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Deep Purple: Bananas

When Ritchie Blackmore quit Deep Purple for the last time in 1994, who would have guessed that the band would not only survive, but would go on to release one of their finest albums ever with Purpendicular in 1996? Steve Morse seemed an unlikely choice for a replacement and his very American southern rock style of playing blended so well that Purpendicular ironically sounded more like classic Deep Purple than anything the band had released since the halcyon days of Machine Head. Under different circumstances, keyboardist Jon Lord departed Purple in 2001 and his role is now being filled by Don Airey, a fine player in his own right.

With two of the most important players now gone, how does the first studio album fare under the new lineup? Unfortunately, not very well. At its best, Bananas superficially rocks out the way Purple are expected to. But most of the time, the band slip into sad self-parody. "House of Pain" begins the album on a relatively high note, a heavy boogie rock stomper that features Ian Gillan's vocals very high in the mix. Happily, he sounds better on Bananas than he did on the Abandon album. Too bad things go downhill from there. "Sun Goes Down" chugs along competently but there's nothing memorable about it, not a decent guitar riff in sight. "Haunted", on the other hand, is a strange Neil Young inspired ballad featuring acoustic guitars and female backing vocals. It is the most misplaced piece of music on any Deep Purple album I've ever heard. "Razzle Dazzle" somehow manages to be even worse. An irritating chorus over Airey's chirpy Hammond organ makes me wonder if the band aren't striving to be Huey Lewis and the News. Bananas does improve after the fourth track, but not by much. "Picture of Innocence" and the title song are as good as it gets. Actually these two tracks are very good: "Picture of Innocence" features Gillan's trademark quirky wordplay and an infectious chorus. The title song is initially rather bland, but out of nowhere comes a splendid instrumental conclusion, a battle between Steve Morse and Don Airey that harkens back to those classic Purple albums. This excellent, much too brief passage makes the surrounding material appear all the weaker.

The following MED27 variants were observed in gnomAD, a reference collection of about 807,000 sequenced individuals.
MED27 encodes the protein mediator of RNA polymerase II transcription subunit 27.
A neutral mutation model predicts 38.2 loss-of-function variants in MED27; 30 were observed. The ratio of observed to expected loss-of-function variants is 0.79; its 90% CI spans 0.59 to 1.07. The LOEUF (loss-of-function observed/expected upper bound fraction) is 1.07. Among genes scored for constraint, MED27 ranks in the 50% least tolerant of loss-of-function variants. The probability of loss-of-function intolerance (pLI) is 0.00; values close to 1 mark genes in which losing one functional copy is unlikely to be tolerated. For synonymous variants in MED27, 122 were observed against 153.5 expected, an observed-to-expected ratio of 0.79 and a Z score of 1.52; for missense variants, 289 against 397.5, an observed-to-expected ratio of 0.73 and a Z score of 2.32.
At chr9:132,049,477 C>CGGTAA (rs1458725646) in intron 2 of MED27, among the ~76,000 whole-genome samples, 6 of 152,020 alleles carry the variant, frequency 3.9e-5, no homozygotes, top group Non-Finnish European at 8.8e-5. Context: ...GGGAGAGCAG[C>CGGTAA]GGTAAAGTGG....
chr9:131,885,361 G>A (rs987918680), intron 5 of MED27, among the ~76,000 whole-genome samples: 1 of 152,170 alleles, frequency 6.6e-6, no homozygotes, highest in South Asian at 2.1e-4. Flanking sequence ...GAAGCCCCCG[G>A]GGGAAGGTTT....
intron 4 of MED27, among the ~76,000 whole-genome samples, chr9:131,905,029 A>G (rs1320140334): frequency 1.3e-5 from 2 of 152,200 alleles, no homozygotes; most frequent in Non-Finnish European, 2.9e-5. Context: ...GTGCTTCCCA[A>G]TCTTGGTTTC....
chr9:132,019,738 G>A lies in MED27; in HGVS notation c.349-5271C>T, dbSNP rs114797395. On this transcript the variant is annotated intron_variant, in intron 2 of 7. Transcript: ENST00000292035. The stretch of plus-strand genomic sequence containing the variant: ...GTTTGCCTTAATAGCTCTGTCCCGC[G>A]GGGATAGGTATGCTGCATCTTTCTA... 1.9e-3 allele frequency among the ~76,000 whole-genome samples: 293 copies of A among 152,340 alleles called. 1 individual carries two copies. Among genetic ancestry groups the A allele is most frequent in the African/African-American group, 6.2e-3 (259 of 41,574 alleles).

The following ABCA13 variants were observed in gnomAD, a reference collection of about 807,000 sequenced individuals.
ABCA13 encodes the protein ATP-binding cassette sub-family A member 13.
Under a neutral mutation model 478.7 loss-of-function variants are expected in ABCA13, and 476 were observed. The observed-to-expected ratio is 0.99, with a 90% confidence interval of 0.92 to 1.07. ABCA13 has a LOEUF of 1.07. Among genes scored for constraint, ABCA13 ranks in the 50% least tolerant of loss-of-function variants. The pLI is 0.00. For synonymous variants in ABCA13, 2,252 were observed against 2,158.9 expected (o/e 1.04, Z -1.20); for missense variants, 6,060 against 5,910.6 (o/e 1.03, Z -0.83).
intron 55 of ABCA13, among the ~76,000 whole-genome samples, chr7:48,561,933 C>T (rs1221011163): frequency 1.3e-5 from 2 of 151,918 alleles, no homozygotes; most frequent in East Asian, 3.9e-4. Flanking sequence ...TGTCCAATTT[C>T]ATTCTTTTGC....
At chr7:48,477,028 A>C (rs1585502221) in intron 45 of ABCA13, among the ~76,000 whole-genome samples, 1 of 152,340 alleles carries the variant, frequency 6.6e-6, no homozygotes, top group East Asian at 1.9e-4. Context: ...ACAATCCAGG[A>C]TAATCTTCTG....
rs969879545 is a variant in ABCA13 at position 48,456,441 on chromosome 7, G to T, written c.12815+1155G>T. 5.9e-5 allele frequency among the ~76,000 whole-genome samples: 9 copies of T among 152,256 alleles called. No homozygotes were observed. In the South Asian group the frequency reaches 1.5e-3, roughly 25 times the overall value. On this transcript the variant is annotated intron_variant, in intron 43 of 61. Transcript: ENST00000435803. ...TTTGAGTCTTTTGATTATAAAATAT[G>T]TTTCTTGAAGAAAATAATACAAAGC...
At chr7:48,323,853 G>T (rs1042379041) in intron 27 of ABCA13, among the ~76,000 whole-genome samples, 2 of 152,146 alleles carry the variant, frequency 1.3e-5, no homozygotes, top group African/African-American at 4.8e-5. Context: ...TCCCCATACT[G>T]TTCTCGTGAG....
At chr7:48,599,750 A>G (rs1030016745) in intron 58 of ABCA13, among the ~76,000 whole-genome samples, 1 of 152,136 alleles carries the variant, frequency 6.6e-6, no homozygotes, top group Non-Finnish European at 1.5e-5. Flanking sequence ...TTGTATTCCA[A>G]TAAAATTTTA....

The problem with Bananas is that the songwriting isn't up to par. Producer Michael Bradford does his best to window dress the album with samba beats on "Doing it Tonight" or with strings on "Haunted", but these production touches can't disguise the inherent weakness of the songs. Too much of the album is reminiscent of American southern rock; indeed the entire album reminds me of Lynyrd Skynyrd lite. The band sound tired, confused and out of ideas. I kept my expectations of this album fairly low after the shaky Abandon but Bananas still manages to be somewhat of a turkey. Deep Purple is probably my favorite rock group and they have given their fans some interesting curve balls over the years. Stormbringer and Slaves and Masters were two records that were not well received but I personally have always liked them. However Bananas is certainly their worst album and one that is impossible for this lifelong Purple fan to defend.

Added: October 22nd 2003
Reviewer: Steve Pettengill
Related Link: Official Deep Purple Homepage
Hits: 2799
Language: english

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Deep Purple: Bananas
Posted by Ken Pierce, SoT Staff Writer on 2008-02-18 15:28:16
My Score:

Proving that time does not stand still for no band, Veteran rockers Deep Purple have returned with a new recording entitled "Bananas". The group has also proven that even after all the years that have gone by that they can still deliver solid rock and roll that any age can enjoy. The lineup for the group is Ian Gillen (vox), Ian Paice (drums) and Roger Glover (bass) from the original Purple lineup as well as Don Airey and Steve Morse. Don has stepped in for the now retired John Lord while Steve has been in filling the space left by Richie Blackmore for a couple of years on the guitar. While I am a die hard Blackmore fan, there was probably no wiser choice than Mr. Morse. His stellar years of creativity in the progressive Dixie Dregs has shown he is more than capable of filling Richie's shoes.